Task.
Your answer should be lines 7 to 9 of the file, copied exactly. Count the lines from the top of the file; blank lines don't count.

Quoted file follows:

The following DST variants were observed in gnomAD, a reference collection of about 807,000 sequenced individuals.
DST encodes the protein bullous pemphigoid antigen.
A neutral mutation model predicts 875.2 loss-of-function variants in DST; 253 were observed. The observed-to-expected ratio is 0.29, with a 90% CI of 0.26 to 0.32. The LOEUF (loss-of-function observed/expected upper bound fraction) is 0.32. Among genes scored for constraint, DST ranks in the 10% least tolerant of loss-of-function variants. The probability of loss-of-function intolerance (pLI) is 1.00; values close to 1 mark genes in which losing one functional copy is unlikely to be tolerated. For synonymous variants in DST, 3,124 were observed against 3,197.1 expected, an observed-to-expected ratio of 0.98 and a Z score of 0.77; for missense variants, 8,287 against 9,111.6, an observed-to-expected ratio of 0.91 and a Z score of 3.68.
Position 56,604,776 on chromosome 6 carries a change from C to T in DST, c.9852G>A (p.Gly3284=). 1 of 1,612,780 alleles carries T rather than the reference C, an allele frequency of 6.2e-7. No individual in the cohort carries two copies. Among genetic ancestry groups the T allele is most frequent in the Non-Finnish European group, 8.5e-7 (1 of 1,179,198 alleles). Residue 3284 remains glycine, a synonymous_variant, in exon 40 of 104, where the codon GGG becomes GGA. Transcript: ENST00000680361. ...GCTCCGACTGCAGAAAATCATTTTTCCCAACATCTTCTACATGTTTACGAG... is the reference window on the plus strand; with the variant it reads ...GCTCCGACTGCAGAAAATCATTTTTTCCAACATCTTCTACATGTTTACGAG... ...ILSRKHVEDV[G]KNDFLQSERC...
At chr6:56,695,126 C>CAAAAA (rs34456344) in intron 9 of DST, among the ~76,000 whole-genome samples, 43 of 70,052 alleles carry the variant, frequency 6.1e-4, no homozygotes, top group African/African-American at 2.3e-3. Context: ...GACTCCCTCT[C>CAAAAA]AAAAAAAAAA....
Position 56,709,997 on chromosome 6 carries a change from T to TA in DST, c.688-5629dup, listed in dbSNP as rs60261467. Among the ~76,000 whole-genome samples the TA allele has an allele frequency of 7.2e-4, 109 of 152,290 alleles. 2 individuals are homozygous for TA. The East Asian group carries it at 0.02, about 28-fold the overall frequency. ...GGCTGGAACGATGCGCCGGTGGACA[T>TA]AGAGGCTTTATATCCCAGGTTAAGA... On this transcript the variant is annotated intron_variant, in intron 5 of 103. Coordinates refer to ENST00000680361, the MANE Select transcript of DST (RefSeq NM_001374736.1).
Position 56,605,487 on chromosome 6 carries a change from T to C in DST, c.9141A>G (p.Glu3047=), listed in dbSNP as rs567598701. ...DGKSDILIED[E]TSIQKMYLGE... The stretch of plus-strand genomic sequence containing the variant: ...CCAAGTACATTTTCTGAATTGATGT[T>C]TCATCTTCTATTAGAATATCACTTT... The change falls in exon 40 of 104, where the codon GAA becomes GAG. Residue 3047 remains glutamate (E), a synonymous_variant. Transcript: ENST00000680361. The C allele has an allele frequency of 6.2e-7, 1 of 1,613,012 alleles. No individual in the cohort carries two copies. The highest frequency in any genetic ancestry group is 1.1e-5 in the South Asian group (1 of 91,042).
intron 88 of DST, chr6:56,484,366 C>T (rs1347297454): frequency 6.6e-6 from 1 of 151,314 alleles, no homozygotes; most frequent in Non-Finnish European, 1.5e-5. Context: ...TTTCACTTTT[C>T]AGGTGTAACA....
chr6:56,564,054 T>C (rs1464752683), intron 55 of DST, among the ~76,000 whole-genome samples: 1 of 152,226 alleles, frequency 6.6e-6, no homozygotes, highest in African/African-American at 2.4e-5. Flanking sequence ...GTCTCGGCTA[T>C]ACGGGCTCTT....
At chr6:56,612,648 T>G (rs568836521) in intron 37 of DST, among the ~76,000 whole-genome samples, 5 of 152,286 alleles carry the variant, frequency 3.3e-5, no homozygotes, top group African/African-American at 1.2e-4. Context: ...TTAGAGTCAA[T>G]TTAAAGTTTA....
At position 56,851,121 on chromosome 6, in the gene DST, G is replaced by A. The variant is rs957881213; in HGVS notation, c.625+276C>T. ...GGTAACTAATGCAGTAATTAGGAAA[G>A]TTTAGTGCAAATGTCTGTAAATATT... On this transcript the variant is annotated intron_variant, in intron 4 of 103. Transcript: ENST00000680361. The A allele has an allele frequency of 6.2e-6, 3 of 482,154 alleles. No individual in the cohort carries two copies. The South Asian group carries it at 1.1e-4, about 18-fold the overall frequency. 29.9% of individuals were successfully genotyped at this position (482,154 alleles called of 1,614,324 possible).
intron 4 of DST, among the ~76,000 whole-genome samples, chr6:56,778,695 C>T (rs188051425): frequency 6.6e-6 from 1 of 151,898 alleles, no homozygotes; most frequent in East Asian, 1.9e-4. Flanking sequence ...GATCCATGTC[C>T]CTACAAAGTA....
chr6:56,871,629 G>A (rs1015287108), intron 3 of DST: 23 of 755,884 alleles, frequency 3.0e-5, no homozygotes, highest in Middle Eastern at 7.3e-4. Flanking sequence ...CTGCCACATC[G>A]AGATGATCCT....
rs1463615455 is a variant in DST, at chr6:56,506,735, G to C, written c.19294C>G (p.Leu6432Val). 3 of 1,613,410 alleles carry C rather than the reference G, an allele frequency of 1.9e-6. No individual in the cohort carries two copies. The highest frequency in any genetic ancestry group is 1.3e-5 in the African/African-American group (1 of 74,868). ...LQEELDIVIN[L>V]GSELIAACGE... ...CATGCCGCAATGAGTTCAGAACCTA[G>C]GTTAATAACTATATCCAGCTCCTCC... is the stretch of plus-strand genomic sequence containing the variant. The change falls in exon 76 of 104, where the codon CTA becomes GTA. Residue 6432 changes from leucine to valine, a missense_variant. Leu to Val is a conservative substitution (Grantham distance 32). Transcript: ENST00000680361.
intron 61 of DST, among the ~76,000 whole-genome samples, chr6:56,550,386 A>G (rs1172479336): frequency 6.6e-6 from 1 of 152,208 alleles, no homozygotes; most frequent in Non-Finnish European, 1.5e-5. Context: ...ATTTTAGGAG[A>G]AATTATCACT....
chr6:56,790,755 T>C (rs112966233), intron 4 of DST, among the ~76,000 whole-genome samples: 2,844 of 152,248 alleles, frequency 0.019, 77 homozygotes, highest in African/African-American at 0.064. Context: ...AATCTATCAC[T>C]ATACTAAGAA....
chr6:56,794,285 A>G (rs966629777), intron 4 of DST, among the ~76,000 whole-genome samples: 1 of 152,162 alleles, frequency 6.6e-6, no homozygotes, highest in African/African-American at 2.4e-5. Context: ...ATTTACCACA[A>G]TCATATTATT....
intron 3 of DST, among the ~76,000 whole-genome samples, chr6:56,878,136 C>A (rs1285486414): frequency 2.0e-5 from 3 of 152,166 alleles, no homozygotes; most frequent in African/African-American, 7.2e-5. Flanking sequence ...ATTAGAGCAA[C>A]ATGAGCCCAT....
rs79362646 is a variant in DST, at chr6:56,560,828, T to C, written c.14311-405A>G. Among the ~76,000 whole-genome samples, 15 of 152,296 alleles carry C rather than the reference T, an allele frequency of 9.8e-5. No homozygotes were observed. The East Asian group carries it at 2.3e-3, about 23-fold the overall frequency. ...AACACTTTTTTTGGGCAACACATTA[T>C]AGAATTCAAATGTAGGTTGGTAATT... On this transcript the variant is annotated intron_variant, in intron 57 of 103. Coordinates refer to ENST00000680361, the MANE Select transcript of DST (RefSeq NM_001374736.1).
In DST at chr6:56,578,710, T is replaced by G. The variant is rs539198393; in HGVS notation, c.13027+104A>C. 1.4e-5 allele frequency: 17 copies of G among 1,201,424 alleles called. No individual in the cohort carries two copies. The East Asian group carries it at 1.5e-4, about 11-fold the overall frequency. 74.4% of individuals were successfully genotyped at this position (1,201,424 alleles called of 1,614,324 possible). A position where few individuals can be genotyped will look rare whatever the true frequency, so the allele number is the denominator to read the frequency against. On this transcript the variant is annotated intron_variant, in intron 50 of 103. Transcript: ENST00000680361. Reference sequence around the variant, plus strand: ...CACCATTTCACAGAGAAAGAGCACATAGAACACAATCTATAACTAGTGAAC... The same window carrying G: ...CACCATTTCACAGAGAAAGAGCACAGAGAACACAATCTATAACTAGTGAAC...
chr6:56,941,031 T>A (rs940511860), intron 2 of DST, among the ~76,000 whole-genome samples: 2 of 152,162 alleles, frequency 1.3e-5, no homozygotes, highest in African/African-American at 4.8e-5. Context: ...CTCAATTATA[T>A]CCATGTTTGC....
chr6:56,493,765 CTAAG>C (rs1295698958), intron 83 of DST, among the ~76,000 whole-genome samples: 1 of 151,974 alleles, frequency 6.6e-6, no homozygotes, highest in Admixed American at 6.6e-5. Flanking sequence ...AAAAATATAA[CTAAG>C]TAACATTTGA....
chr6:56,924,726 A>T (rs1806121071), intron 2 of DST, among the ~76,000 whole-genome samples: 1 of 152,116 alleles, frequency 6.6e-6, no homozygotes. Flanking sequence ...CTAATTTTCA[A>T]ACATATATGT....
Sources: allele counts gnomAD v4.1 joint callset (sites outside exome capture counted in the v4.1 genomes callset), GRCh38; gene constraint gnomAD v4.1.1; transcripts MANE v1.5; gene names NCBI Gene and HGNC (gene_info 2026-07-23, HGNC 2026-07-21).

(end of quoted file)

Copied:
Position 56,605,487 on chromosome 6 carries a change from T to C in DST, c.9141A>G (p.Glu3047=), listed in dbSNP as rs567598701. ...DGKSDILIED[E]TSIQKMYLGE... The stretch of plus-strand genomic sequence containing the variant: ...CCAAGTACATTTTCTGAATTGATGT[T>C]TCATCTTCTATTAGAATATCACTTT... The change falls in exon 40 of 104, where the codon GAA becomes GAG. Residue 3047 remains glutamate (E), a synonymous_variant. Transcript: ENST00000680361. The C allele has an allele frequency of 6.2e-7, 1 of 1,613,012 alleles. No individual in the cohort carries two copies. The highest frequency in any genetic ancestry group is 1.1e-5 in the South Asian group (1 of 91,042).
intron 88 of DST, chr6:56,484,366 C>T (rs1347297454): frequency 6.6e-6 from 1 of 151,314 alleles, no homozygotes; most frequent in Non-Finnish European, 1.5e-5. Context: ...TTTCACTTTT[C>T]AGGTGTAACA....
chr6:56,564,054 T>C (rs1464752683), intron 55 of DST, among the ~76,000 whole-genome samples: 1 of 152,226 alleles, frequency 6.6e-6, no homozygotes, highest in African/African-American at 2.4e-5. Flanking sequence ...GTCTCGGCTA[T>C]ACGGGCTCTT....